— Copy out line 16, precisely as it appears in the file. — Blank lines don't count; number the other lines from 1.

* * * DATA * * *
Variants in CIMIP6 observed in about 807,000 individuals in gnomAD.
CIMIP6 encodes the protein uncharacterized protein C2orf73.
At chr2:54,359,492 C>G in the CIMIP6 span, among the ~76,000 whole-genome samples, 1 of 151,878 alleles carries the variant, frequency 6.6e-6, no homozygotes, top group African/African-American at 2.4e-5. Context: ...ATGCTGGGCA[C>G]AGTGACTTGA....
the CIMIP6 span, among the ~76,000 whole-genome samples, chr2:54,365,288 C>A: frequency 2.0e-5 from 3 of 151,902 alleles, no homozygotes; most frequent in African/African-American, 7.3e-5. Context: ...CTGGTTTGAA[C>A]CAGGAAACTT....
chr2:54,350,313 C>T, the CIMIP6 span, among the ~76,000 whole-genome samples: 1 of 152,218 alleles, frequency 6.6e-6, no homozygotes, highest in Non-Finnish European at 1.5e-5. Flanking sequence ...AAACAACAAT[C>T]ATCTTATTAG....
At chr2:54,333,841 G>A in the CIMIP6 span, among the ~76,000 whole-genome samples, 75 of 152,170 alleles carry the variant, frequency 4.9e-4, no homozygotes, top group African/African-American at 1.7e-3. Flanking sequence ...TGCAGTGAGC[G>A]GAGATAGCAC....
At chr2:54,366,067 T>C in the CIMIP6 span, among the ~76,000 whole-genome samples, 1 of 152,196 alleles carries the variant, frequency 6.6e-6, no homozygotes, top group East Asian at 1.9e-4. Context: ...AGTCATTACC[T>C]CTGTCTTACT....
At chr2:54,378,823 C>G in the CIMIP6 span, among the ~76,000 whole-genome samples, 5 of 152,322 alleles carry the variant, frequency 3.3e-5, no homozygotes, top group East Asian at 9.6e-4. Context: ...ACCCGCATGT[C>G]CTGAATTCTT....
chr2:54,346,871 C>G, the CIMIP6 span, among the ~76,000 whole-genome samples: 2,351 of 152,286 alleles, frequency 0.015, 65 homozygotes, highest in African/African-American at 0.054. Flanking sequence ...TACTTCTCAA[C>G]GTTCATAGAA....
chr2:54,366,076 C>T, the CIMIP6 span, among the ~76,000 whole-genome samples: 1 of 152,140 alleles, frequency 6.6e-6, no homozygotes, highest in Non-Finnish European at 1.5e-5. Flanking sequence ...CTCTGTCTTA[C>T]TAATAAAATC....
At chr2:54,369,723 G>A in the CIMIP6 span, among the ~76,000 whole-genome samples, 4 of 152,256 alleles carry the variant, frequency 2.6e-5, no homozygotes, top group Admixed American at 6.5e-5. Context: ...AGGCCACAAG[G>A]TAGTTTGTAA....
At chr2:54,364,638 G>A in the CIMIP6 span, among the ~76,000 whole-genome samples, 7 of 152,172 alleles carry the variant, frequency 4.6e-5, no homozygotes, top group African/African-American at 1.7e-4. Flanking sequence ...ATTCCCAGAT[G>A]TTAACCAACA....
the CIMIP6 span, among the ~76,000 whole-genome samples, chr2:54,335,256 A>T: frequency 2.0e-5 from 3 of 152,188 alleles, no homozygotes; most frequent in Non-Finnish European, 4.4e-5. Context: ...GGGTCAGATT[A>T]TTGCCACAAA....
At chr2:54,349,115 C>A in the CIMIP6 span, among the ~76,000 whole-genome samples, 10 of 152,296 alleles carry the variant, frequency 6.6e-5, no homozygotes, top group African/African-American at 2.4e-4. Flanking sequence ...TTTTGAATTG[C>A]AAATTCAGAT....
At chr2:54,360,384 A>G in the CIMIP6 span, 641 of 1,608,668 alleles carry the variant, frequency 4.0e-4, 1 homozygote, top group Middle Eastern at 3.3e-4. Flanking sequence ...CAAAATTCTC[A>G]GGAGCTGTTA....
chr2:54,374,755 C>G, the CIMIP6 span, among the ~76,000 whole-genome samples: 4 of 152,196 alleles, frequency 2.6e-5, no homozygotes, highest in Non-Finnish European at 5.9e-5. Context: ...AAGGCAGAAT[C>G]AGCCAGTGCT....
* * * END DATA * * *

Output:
chr2:54,374,755 C>G, the CIMIP6 span, among the ~76,000 whole-genome samples: 4 of 152,196 alleles, frequency 2.6e-5, no homozygotes, highest in Non-Finnish European at 5.9e-5. Context: ...AAGGCAGAAT[C>G]AGCCAGTGCT....